NICOSIA, Cyprus (AP) — Ethnically divided Cyprus ranks first among European Union member nations in the number of migrants it repatriates relative to its population of just over a million people, the country's interior minister said Thursday.
Nearly 7,000 migrants were sent back to their home countries from Cyprus so far this year, accounting for 70% of the people who entered the country illegally, Interior Minister Nicos Nouris said. Last year, Cyprus repatriated 17% of the migrants who arrived without authorization, he said.
Applications for asylum in the Mediterranean island nation rose to 18,345 between January and October of this year, Nouris said, adding that the number of people with pending asylum claims or already granted a more limited protection status together is equal to more than 6% of Cyprus’ population.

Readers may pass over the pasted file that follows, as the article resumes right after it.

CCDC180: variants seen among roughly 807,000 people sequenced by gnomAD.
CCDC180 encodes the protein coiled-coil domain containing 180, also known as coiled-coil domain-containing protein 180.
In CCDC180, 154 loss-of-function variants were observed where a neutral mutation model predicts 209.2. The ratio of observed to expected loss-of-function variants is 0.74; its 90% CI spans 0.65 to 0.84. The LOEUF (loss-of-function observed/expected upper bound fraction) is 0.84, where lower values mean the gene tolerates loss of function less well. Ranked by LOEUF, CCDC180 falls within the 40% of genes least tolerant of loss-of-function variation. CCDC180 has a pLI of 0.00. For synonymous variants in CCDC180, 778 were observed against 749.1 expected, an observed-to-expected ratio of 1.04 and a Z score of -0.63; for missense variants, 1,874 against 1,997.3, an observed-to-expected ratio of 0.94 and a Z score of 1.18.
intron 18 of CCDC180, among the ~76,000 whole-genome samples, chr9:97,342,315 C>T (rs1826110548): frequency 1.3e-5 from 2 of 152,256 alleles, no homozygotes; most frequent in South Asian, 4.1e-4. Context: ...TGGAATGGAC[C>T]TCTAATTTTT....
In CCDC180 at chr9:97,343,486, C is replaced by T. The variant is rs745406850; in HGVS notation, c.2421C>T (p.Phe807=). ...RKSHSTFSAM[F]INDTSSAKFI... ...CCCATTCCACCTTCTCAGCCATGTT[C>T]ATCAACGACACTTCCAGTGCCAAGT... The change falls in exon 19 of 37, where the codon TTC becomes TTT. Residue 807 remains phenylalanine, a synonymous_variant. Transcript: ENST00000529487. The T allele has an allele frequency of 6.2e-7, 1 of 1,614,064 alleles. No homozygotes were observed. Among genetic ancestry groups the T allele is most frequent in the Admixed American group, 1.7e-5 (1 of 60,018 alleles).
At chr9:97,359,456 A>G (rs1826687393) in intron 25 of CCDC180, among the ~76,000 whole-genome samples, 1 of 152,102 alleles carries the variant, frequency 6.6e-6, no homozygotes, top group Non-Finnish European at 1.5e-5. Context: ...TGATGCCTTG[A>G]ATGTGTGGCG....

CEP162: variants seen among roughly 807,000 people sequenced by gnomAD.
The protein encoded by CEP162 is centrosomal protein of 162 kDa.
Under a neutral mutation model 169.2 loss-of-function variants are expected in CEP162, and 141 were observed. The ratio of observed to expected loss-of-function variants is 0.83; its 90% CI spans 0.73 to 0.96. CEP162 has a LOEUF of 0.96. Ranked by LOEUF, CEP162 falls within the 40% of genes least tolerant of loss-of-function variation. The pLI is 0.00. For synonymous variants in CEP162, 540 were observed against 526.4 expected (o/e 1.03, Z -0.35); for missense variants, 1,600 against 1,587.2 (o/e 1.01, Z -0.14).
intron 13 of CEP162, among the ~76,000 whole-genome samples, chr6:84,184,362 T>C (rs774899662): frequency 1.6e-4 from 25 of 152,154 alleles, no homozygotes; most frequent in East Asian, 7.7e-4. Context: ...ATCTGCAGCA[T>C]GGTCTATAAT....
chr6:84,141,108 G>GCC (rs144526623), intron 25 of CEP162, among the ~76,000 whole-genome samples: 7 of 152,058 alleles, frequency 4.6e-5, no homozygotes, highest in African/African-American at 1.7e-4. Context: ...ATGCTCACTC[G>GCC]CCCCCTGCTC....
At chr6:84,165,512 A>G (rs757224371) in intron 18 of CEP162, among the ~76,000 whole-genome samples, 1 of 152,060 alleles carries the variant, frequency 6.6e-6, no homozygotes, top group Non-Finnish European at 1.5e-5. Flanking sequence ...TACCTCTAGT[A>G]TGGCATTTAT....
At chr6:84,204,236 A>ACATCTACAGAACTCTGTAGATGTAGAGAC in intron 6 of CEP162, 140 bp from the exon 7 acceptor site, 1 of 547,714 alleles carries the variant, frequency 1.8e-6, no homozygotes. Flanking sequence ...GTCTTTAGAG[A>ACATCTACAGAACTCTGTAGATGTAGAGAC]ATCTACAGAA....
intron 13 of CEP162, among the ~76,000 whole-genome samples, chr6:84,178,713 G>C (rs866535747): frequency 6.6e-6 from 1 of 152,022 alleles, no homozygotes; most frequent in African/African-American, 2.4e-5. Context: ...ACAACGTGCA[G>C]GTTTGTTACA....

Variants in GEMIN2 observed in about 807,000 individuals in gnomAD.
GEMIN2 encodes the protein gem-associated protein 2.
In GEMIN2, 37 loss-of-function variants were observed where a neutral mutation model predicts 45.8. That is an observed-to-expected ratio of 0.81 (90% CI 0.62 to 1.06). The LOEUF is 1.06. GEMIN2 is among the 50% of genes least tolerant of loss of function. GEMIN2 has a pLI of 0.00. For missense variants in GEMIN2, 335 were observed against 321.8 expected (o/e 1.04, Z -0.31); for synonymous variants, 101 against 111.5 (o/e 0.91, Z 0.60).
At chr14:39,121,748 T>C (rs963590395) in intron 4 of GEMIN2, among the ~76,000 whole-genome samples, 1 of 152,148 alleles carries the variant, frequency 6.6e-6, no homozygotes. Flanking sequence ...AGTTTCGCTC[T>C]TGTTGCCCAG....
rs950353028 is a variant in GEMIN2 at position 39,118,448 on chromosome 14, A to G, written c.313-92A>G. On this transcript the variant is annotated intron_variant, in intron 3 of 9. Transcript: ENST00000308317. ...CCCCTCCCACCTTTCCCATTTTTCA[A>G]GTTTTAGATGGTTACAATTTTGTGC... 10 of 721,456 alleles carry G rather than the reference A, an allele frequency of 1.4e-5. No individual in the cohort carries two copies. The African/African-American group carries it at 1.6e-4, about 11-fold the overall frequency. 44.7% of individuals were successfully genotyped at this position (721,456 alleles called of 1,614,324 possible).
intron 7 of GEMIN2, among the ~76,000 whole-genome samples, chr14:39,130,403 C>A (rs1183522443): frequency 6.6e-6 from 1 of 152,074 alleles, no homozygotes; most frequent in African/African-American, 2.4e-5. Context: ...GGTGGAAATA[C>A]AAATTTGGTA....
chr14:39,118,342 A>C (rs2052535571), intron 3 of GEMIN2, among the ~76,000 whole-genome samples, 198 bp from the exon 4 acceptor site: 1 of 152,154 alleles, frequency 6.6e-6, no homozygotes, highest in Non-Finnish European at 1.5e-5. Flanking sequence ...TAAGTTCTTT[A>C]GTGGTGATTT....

Cyprus split along ethnic lines in 1974 following a Turkish invasion triggered by a coup aiming at union with Greece. Nouris said some 95% of all asylum-seekers enter from the breakaway Turkish Cypriot north and cross a United Nations-controlled buffer zone to apply in the south, where the island nation's internationally recognized government is seated.
The government is erecting a fence and installing high-tech surveillance equipment along stretches of the 180 kilometer (112 mile) long buffer zone.
The minister told a meeting in Nicosia of the European Commission’s High-Level Network on Returns that Cypriot authorities overcame "bureaucratic procedures” and signed agreements with countries including India, Bangladesh, Pakistan and Vietnam that have enabled so many repatriations.
Migrant returns are facilitated through a newly established office that coordinates between different state ministries and agencies including the Asylum Service, police and the European border agency Frontex.
Nouris said he’s hopeful the EU network will help discourage both migrants and people smugglers from trying to enter the country illegally. He said the EU should centrally manage returning those without permission to remain in the bloc's member nations.
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